Humans begin acquiring muscle memory from day one. The first big accomplishment is learning to control the neck muscles to turn our head. From there all other muscle development continues, grasping, pushing up shoulders and head, rolling over, sitting up, crawling, then pulling ourselves up to begin learning balance and walking.
The same thing happens when we learn to hold a pencil properly. We generally are taught with larger pencils and wide-ruled paper because we have less control over our small motor muscles. As we become better able to control our muscle movements we use finer writing implements and regular or narrow-ruled paper.
The repetition of printing and writing the alphabet is the conditioning we need to be able to automatically write each letter recognizably. Just as we practice basketball again and again to perfect our body's movements to make the shot, we want the same automaticity knowing how to shape letters and words.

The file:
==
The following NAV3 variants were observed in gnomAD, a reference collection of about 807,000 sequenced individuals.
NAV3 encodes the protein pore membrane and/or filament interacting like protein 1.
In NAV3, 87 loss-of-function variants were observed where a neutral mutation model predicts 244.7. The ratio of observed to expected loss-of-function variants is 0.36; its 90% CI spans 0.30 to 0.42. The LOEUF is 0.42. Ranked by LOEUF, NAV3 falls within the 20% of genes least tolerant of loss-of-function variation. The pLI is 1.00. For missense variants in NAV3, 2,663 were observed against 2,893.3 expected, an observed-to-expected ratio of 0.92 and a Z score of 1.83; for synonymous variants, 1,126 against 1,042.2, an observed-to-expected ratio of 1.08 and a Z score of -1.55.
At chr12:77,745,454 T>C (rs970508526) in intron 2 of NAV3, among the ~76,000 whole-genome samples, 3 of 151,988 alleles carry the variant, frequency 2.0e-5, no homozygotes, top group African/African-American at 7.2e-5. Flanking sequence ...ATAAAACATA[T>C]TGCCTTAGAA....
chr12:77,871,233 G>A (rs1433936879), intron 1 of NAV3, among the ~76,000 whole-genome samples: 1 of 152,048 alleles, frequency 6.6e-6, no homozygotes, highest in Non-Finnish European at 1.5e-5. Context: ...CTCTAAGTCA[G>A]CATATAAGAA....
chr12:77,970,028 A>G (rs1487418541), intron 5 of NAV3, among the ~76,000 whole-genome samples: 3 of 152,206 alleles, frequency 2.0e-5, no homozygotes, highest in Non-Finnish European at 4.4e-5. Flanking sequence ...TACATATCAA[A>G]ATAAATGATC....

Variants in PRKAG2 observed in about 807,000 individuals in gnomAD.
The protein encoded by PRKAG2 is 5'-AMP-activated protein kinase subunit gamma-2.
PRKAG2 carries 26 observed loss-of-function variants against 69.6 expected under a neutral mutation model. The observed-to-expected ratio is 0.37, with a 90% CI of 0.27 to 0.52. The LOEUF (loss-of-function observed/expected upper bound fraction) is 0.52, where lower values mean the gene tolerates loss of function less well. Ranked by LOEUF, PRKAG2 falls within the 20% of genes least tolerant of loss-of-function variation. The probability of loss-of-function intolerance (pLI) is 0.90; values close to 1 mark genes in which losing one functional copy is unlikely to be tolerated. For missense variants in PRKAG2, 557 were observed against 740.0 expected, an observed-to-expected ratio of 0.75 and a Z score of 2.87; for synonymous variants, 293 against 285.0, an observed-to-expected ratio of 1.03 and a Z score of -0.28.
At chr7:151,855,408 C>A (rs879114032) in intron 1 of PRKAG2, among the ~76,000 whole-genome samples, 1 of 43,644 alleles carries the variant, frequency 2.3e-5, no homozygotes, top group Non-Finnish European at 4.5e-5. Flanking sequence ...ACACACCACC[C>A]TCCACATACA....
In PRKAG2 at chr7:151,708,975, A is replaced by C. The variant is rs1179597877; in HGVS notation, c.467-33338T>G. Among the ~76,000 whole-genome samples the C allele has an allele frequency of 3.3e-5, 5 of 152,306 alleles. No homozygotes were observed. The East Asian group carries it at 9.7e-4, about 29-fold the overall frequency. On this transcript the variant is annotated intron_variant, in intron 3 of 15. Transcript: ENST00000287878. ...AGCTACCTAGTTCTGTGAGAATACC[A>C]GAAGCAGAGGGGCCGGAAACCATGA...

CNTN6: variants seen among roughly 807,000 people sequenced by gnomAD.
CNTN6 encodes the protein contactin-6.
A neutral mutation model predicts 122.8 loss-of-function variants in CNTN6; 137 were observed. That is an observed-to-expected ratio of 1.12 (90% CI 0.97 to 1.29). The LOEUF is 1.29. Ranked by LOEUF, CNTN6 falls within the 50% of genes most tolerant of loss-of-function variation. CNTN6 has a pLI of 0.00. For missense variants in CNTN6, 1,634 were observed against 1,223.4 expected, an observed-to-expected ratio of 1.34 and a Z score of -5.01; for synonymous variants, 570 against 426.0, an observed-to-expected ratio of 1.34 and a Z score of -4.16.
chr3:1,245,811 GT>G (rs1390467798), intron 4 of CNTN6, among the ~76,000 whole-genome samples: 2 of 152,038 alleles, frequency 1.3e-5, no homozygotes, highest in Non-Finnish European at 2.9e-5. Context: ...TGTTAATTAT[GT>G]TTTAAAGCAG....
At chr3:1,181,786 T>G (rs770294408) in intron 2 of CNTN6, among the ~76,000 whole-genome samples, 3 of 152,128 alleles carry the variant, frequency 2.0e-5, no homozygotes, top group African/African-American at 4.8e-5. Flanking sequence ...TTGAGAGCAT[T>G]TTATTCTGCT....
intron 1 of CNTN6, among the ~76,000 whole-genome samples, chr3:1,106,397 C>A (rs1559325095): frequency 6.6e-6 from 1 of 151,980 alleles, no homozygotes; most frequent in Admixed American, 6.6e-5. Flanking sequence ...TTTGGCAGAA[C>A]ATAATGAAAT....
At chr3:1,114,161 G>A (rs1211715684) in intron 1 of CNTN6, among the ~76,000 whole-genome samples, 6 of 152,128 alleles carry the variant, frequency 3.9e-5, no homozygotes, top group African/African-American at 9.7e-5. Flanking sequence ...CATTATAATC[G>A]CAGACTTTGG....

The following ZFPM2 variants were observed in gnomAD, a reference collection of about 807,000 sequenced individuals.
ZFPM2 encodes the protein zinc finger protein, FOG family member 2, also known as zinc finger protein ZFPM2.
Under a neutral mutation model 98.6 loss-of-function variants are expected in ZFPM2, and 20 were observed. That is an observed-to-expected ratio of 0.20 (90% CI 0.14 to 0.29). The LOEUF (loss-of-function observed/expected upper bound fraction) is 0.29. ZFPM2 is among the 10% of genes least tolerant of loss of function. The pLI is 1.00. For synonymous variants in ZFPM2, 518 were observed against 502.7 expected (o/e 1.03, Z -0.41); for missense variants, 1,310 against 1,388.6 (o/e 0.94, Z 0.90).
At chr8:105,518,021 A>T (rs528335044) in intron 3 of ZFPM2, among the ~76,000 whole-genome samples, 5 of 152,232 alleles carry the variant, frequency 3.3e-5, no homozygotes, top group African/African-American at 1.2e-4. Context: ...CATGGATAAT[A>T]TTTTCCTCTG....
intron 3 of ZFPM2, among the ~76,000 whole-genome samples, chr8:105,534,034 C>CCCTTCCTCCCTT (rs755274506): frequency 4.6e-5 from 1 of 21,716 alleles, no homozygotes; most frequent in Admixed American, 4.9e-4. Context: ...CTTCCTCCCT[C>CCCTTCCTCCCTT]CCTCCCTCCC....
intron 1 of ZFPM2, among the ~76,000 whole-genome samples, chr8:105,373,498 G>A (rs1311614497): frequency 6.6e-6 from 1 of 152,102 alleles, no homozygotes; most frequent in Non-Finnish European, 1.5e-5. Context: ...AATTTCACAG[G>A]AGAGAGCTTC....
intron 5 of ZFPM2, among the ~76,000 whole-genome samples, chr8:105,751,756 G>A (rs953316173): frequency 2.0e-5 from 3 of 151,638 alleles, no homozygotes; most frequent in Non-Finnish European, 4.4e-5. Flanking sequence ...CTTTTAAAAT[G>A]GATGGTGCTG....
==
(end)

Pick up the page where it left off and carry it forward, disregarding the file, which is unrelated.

For kinesthetic students it is very normal to feel and recall the muscle memory of how the word is formed. We want all students to be aware of their muscle memory to recall the accuracy of writing out a word. It is an important skill we can rely upon to help ourselves determine if we are spelling correctly.
Muscle Memory Game - A fun game to develop "feeling" the letters. 2 or more players: 1 writer, 1 guesser at a time or in pairs. The guesser has to figure out what letter or word the writer has made on their back. The writer must be accurate in making the letters.
Beginner - print letters with index finger on each other's back. Intermediate – 3 -5 letter words, use index finger on back. Skilled - write spelling words in cursive with index finger on back.
Parents who play with students - you must also change off between writer and guesser. The writer role is using muscle memory; the guesser role is using brain memory to recall how the letters should be formed - two different but important methods of recall.